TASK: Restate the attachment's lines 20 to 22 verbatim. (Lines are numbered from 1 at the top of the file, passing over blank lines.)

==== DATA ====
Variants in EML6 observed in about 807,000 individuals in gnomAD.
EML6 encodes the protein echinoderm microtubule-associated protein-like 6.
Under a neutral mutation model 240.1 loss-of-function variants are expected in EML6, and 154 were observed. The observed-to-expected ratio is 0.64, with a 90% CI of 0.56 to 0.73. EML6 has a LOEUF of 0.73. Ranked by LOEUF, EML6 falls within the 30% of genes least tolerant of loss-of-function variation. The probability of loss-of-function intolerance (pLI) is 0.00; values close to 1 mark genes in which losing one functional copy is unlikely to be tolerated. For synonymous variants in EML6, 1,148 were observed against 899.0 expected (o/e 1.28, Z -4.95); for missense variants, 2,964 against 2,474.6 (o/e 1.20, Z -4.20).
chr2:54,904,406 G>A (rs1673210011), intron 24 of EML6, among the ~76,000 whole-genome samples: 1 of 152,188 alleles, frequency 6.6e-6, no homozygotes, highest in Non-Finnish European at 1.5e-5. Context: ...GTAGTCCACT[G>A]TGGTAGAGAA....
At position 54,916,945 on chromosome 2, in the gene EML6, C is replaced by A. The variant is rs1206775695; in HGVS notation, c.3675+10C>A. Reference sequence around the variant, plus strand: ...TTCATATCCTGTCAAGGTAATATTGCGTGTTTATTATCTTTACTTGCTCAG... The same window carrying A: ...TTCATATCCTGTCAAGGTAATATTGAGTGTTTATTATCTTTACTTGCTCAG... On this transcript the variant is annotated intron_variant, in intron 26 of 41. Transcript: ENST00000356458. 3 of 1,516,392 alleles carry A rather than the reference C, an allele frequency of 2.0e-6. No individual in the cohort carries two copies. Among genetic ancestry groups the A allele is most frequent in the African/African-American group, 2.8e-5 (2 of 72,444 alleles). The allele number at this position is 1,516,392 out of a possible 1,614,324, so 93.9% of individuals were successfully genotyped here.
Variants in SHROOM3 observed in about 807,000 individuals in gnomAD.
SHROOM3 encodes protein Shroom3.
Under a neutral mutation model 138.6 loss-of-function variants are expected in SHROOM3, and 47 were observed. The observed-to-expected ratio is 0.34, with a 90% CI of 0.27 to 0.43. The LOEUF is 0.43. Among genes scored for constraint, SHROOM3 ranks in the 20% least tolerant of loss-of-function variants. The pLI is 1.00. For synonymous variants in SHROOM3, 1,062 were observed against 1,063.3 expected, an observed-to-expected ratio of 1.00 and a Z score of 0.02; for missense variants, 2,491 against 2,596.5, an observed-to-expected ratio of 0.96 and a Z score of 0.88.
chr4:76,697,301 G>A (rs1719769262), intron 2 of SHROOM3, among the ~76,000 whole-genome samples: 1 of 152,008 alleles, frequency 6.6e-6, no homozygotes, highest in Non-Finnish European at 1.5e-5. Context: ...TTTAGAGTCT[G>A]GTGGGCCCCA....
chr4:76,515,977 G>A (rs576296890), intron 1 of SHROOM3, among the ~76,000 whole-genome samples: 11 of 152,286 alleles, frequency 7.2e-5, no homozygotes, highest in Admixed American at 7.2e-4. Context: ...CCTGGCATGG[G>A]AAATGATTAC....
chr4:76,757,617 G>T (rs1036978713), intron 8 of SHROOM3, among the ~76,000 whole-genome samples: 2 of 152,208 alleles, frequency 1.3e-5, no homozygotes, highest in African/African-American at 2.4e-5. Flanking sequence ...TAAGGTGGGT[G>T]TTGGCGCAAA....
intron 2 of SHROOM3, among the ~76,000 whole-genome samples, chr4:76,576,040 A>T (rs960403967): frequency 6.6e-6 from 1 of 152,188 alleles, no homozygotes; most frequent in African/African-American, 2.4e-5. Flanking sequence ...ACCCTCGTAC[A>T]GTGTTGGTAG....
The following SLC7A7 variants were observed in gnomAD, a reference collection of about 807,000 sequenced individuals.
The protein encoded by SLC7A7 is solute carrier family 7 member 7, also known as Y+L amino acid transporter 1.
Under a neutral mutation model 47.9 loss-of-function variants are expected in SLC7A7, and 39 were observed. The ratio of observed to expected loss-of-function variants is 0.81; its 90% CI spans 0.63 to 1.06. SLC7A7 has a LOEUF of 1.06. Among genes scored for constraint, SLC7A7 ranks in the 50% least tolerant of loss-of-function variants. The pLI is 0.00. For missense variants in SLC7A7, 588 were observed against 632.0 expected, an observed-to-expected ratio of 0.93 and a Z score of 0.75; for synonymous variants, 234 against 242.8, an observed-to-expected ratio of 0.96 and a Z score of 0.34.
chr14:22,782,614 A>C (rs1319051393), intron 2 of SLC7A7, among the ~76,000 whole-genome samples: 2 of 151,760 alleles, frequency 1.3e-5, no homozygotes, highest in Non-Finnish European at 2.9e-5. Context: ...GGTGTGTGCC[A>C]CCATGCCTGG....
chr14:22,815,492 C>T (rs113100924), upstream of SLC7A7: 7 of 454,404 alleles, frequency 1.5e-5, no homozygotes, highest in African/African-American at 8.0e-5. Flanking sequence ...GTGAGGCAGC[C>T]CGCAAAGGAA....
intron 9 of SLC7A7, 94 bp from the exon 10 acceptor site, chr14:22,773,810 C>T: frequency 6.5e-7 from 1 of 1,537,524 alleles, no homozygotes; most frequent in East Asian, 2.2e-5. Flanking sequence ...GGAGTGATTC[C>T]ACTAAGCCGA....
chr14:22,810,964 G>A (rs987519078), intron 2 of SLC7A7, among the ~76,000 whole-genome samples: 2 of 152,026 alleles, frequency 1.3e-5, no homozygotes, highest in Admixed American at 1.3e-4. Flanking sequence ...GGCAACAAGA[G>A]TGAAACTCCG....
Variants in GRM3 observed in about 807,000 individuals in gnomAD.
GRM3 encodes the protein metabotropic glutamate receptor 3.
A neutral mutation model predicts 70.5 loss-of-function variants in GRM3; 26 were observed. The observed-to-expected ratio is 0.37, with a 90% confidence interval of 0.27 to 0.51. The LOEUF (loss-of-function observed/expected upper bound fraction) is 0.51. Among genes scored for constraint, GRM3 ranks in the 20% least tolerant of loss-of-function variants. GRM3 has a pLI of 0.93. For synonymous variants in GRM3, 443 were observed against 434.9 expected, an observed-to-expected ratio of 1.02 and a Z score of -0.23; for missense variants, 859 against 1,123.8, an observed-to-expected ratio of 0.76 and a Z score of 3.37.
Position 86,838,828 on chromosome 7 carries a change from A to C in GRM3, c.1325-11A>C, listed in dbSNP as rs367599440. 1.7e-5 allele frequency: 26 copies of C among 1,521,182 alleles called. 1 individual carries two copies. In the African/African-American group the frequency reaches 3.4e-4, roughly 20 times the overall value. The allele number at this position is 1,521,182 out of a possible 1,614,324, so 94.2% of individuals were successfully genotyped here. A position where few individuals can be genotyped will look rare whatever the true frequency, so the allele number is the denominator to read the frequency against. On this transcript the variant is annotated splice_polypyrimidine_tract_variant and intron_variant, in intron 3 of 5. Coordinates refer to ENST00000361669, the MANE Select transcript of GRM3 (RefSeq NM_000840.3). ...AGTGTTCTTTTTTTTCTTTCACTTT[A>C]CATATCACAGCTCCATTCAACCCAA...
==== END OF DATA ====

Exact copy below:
Variants in GRM3 observed in about 807,000 individuals in gnomAD.
GRM3 encodes the protein metabotropic glutamate receptor 3.
A neutral mutation model predicts 70.5 loss-of-function variants in GRM3; 26 were observed. The observed-to-expected ratio is 0.37, with a 90% confidence interval of 0.27 to 0.51. The LOEUF (loss-of-function observed/expected upper bound fraction) is 0.51. Among genes scored for constraint, GRM3 ranks in the 20% least tolerant of loss-of-function variants. GRM3 has a pLI of 0.93. For synonymous variants in GRM3, 443 were observed against 434.9 expected, an observed-to-expected ratio of 1.02 and a Z score of -0.23; for missense variants, 859 against 1,123.8, an observed-to-expected ratio of 0.76 and a Z score of 3.37.